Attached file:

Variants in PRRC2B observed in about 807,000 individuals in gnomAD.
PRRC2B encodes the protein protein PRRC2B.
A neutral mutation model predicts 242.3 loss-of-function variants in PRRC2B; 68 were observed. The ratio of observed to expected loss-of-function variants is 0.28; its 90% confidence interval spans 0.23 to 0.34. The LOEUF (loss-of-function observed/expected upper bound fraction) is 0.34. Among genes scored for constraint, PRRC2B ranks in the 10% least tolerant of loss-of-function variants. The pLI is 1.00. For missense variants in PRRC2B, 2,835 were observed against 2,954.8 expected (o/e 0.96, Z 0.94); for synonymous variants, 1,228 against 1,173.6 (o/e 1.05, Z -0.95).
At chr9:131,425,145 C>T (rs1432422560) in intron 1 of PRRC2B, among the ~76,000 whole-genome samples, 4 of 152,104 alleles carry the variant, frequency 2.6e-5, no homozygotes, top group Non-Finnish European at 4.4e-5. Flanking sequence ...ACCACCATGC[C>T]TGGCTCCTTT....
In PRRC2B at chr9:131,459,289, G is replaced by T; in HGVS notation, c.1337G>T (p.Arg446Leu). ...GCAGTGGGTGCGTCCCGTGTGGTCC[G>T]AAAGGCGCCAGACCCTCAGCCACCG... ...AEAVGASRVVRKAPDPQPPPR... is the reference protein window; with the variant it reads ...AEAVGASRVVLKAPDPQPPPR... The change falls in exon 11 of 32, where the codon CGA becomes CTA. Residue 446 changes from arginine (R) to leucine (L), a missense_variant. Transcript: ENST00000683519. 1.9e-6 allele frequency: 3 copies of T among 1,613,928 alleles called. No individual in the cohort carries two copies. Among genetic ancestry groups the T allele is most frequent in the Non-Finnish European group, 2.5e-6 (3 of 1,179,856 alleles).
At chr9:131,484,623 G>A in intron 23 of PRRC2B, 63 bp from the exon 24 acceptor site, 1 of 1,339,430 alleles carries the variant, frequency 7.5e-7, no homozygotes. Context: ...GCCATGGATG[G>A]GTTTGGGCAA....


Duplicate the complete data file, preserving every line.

Variants in PRRC2B observed in about 807,000 individuals in gnomAD.
PRRC2B encodes the protein protein PRRC2B.
A neutral mutation model predicts 242.3 loss-of-function variants in PRRC2B; 68 were observed. The ratio of observed to expected loss-of-function variants is 0.28; its 90% confidence interval spans 0.23 to 0.34. The LOEUF (loss-of-function observed/expected upper bound fraction) is 0.34. Among genes scored for constraint, PRRC2B ranks in the 10% least tolerant of loss-of-function variants. The pLI is 1.00. For missense variants in PRRC2B, 2,835 were observed against 2,954.8 expected (o/e 0.96, Z 0.94); for synonymous variants, 1,228 against 1,173.6 (o/e 1.05, Z -0.95).
At chr9:131,425,145 C>T (rs1432422560) in intron 1 of PRRC2B, among the ~76,000 whole-genome samples, 4 of 152,104 alleles carry the variant, frequency 2.6e-5, no homozygotes, top group Non-Finnish European at 4.4e-5. Flanking sequence ...ACCACCATGC[C>T]TGGCTCCTTT....
In PRRC2B at chr9:131,459,289, G is replaced by T; in HGVS notation, c.1337G>T (p.Arg446Leu). ...GCAGTGGGTGCGTCCCGTGTGGTCC[G>T]AAAGGCGCCAGACCCTCAGCCACCG... ...AEAVGASRVVRKAPDPQPPPR... is the reference protein window; with the variant it reads ...AEAVGASRVVLKAPDPQPPPR... The change falls in exon 11 of 32, where the codon CGA becomes CTA. Residue 446 changes from arginine (R) to leucine (L), a missense_variant. Transcript: ENST00000683519. 1.9e-6 allele frequency: 3 copies of T among 1,613,928 alleles called. No individual in the cohort carries two copies. Among genetic ancestry groups the T allele is most frequent in the Non-Finnish European group, 2.5e-6 (3 of 1,179,856 alleles).
At chr9:131,484,623 G>A in intron 23 of PRRC2B, 63 bp from the exon 24 acceptor site, 1 of 1,339,430 alleles carries the variant, frequency 7.5e-7, no homozygotes. Context: ...GCCATGGATG[G>A]GTTTGGGCAA....